Stability control agents suitable for use in the present invention include the partial esters of long-chain fatty acids with polyols described in U.S. Pat. No. 3,644,230, as well as higher alkyl amines, fatty acid amides and complete esters of higher fatty acids such as those described in Watanabe et al, U.S. Pat. No. 4,214,054. Typically, such stability control agents are employed in an amount ranging from about 0.1 to about 10 parts per hundred based on the weight of the olefin polymer employed.
In addition to, or in place of, the foregoing stability control agents, there may also be employed for such purpose copolymers of α-olefins with various monoethylenically unsaturated carboxylic acids such as those described in Park, U.S. Pat. No. 4,347,329 or copolymers of α-olefins neutralized carboxyl-group bearing moieties which are commonly referred to in the art as ionomers. Typically, such olefinically unsaturated carboxylic acid copolymers may be employed in an amount ranging from about 5 to about 95% by weight of the olefin polymer employed.
Finally, polystyrene may be utilized as a stability control agent in the present invention. Specific polystyrenes which can be utilized are described in Japanese Kokai No. 55-181384. Typically, such polystyrenes may be employed in an amount ranging from about 5 to about 50% by weight of the olefin polymer employed.
As has been explained, an important feature of the present invention is the use of low cost isobutane as the primary blowing agent in the modified olefin polymer foams. Isobutane may be used alone as the sole blowing agent. Alternatively, the isobutane blowing agent may comprise a mixture with one or more conventional physical blowing agents. The conventional blowing agents may be grouped into two subgroups: Groups I and II.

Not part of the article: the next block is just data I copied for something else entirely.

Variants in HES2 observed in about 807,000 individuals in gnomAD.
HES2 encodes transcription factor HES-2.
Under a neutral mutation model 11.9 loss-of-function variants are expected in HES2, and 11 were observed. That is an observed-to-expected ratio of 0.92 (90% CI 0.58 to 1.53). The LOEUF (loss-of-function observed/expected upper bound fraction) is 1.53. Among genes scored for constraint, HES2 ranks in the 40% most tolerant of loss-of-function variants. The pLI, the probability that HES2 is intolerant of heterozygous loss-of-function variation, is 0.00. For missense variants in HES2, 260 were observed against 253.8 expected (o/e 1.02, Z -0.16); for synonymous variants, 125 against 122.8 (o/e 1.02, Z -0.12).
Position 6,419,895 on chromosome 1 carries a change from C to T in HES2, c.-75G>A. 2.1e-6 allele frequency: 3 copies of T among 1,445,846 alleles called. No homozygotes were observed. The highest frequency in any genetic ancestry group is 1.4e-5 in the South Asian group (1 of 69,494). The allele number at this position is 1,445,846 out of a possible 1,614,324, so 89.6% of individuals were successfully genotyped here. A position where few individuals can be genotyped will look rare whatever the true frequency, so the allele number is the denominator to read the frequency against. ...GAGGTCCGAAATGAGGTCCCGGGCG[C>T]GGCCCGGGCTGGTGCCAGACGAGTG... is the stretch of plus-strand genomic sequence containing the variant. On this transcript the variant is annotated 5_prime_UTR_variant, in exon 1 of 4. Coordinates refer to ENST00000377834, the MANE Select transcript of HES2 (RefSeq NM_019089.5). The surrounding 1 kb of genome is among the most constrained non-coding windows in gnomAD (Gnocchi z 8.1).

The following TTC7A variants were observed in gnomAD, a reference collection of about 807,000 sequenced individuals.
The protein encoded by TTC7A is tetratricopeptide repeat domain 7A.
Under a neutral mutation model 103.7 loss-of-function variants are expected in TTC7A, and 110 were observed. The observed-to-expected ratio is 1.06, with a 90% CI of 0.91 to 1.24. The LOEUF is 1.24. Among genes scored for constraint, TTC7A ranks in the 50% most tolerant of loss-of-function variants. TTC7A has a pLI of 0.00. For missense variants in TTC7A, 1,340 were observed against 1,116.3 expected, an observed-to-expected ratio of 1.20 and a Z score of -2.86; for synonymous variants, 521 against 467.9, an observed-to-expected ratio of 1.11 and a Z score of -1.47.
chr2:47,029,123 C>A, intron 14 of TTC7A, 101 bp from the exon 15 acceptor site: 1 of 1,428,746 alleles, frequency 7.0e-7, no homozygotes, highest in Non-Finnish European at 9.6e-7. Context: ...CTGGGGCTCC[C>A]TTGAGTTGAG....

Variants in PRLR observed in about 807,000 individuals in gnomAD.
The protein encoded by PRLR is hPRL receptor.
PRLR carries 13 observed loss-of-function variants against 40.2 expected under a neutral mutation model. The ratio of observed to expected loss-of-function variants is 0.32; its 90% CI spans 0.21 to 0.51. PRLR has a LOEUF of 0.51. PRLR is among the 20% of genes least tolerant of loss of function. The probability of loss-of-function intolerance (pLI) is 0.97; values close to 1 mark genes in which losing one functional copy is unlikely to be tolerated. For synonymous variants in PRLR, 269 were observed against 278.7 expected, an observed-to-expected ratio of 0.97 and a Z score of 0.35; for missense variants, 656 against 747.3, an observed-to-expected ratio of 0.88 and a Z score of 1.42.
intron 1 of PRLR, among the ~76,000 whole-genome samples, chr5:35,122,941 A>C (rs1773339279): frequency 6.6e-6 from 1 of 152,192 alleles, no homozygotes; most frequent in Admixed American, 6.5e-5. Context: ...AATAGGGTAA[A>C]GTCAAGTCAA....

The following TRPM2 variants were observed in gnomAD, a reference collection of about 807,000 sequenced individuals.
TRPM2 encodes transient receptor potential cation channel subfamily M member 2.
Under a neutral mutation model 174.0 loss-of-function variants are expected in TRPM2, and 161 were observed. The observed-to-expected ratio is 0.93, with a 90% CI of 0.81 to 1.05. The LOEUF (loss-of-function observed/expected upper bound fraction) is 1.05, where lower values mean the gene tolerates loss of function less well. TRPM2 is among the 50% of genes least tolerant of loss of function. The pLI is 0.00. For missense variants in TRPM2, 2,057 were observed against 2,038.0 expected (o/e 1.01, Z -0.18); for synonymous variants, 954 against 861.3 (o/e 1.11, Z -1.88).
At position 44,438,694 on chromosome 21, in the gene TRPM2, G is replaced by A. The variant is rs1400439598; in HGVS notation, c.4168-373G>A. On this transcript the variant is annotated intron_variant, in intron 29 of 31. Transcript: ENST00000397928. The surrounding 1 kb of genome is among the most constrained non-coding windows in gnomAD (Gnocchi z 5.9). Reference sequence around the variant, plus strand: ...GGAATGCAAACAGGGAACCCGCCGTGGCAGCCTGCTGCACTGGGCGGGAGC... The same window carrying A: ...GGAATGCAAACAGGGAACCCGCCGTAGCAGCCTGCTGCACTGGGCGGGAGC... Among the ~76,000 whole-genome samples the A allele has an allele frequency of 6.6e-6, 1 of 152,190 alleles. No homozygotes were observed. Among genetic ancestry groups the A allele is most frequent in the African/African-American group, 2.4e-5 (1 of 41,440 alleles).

Thus, the blowing agent may comprise a mixture of from 5 to 95% isobutane on a molar basis with from 95 to 5% of a physical blowing agent selected from Group I consisting of chlorofluorocarbons and fluorocarbons having from 1 to 4 carbon atoms, normal boiling points between -50° C. and 50° C., and a permeation rate through the modified (with stability control agent) olefin polymer of less than about 1.2 times the permeation rate of air through the modified olefin polymer. This permeation rate is measured using the ASTM D-1434 method with the test gas at a pressure of one atmosphere, or the equilibrium vapor pressure of the gas at 23° C. if its boiling point is greater than 23° C. Examples of these Group I physical blowing agents are dichlorodifluoromethane (FC-12), 1,2-dichlorotetrafluoroethane (FC-114), and 1-chloro-1,1-difluoroethane (FC-142b).
If a Group II blowing agent is selected, the blowing agent may comprise a mixture of at least 70% isobutane with a physical blowing agent from Group II selected from the group consisting of hydrocarbons, chlorocarbons, and chlorofluorocarbons having from 1 to 5 carbon atoms, normal boiling points between -50° C. and 50° C., and a permation rate through the modified (with stability control agent) olefin polymer of greater than about 1.2 times the permeation rate of air through the modified olefin polymer. This permeation rate is also measured using the ASTM D-1434 method with the test gas at a pressure of one atmosphere, or the equilibrium vapor pressure of the gas at 23° C. if its boiling point is greater than 23° C. Examples of these Group II physical blowing agents are n-butane, isopentane, ethyl chloride, methylene chloride, trichloromonofluoromethane (FC-11), and 1,1,2-trichlorotrifluoroethane (FC-113).
In the practice of this invention, the blowing agent is compounded into the starting ethylenic polymer resin blend in proportions to make the desired degree of expansion in the resulting foamed cellular product, usually up to about 60-fold volume expansion to make products having aged foam densities down to about 9.6 kg/m3 (about 0.6 pound per cubic foot). Depending on the starting proportion of blowing agent, the resulting foam products of this invention have relatively low foam densities, for example, having a density of from about 9.6 to about 240 kg/m3 (0.6 to about 15 pounds per cubic foot (pcf)). The useful proportions of such blowing agent in compositions of flowable, foamable gel is on the order of from about 0.013 to about 0.50 gram-mole per 100 grams of the starting resin. The maximum useful proportion of blowing agent in the foamable gel is also affected by the pressure which is maintained on the gel in the extrusion die passage, being greater when the die pressure is relatively higher under conditions such as when the die orifice is relatively smaller and/or the through-put rate is relatively greater.